The objective of this study was to determine if immunosuppression through daily dexamethasone (DEX) infusion altered Salmonella translocation from the gastrointestinal tract. Weaned Holstein steers (n = 20; body weight [BW] = 102 ± 2.7 kg) received DEX (n = 10; 0.5 mg/kg BW) or saline (control [CON]; n = 10;) for 4 days (from day -1 to 2) before oral inoculation of naldixic acid-resistant Salmonella enterica Typhimurium (SAL; 3.4 × 106 colony-forming units [CFU]/animal) on day 0. Fecal swabs were obtained daily, and blood was collected daily for hematology. At harvest (day 5), ileum, cecal fluid, lymph nodes (ileocecal, mandibular, popliteal, and subscapular), and synovial (stifle, coxofemoral, and shoulder) samples were collected for isolation of the inoculated strain of SAL. White blood cell (WBC) and neutrophil concentrations were elevated (p < 0.01) in DEX calves following each administration event. Following inoculation, 100% of DEX calves shed the experimental strain of SAL for all 5 days, 90% of CON calves shed from day 1 to 3, and 100% of CON calves shed from day 4 to 5. Greater (p < 0.01) concentrations of SAL were quantified from the cecum of DEX calves (3.86 ± 0.37 log CFU/g) compared with CON calves (1.37 ± 0.37 log CFU/g). There was no difference in SAL concentrations between DEX and CON calves in ileal tissue (p = 0.07) or ileocecal (p = 0.57), mandibular (p = 0.12), popliteal (p = 0.99), or subscapular (p = 0.83) lymph nodes. Of the stifle samples collected, 3.3% were positive for SAL, highlighting a contamination opportunity during hindquarter breakdown. While more research is needed to elucidate the interactions of immunosuppression and pathogen migration patterns, these data confirm that orally inoculated SAL can translocate from the gastrointestinal tract and be harbored in atypical locations representing a food safety risk.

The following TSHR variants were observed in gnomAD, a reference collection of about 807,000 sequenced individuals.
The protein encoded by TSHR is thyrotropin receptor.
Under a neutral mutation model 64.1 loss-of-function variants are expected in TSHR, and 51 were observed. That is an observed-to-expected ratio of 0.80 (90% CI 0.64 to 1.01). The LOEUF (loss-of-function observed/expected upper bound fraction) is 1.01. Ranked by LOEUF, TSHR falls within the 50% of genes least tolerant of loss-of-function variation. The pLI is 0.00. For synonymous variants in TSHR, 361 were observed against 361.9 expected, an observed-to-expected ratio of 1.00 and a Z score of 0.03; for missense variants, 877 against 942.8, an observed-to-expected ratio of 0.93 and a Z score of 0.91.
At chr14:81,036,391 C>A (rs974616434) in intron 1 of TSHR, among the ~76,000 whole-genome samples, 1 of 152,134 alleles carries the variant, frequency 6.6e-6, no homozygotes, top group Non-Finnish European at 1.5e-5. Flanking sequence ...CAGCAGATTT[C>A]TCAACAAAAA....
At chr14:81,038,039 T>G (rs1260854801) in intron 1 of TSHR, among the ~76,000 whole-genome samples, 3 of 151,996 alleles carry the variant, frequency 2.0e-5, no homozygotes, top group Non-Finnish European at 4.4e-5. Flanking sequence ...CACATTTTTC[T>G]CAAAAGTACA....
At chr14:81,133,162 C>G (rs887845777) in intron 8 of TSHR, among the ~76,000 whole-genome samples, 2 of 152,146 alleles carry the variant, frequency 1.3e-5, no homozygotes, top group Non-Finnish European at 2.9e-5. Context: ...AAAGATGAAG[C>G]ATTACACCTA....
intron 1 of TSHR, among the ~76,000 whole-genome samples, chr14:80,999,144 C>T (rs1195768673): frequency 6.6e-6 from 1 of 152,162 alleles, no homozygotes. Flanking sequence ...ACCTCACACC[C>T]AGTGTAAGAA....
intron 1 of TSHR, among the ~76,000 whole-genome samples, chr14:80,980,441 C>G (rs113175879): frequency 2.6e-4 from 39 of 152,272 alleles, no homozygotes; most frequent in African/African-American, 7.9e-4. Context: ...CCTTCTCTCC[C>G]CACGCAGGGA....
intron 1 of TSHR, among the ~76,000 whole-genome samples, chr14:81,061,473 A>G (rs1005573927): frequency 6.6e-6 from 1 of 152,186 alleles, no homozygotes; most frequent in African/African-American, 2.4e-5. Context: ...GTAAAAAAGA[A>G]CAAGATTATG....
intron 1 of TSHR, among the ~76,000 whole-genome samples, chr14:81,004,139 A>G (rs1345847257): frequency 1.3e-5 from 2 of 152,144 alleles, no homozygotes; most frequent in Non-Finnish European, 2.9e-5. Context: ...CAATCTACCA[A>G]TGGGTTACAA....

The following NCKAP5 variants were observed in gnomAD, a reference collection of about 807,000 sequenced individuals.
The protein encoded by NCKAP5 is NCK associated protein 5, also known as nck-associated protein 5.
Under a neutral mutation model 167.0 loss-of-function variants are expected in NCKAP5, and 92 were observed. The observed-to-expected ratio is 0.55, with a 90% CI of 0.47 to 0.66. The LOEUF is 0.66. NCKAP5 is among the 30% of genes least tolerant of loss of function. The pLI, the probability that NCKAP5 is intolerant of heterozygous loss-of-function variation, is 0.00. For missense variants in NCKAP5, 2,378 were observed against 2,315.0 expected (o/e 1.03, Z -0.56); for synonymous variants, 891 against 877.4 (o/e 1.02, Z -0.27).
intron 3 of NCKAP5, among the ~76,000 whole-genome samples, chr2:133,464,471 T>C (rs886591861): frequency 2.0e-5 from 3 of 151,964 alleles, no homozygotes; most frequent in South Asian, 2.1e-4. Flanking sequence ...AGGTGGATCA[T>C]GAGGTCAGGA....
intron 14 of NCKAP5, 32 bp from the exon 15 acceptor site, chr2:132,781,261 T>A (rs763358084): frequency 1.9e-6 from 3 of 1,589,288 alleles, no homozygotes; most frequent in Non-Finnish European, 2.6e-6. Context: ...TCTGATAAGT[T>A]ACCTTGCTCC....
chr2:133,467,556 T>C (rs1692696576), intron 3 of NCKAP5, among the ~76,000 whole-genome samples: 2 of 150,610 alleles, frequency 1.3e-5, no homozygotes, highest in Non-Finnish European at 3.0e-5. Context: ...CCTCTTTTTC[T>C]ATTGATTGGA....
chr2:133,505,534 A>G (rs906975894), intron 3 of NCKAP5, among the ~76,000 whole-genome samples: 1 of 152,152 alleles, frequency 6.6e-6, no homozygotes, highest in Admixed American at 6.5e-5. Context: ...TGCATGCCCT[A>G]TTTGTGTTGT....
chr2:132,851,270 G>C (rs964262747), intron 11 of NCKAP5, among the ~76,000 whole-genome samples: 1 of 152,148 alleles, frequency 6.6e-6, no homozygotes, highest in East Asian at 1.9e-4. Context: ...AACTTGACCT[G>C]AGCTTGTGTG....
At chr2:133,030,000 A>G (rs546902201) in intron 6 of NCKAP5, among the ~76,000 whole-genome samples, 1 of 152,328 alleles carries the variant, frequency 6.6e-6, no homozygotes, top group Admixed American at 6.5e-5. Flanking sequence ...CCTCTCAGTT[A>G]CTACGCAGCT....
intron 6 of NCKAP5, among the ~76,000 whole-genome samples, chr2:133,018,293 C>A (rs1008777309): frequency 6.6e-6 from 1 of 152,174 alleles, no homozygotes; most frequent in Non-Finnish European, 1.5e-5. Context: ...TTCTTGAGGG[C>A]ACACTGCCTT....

- lymph node
- synovial fluid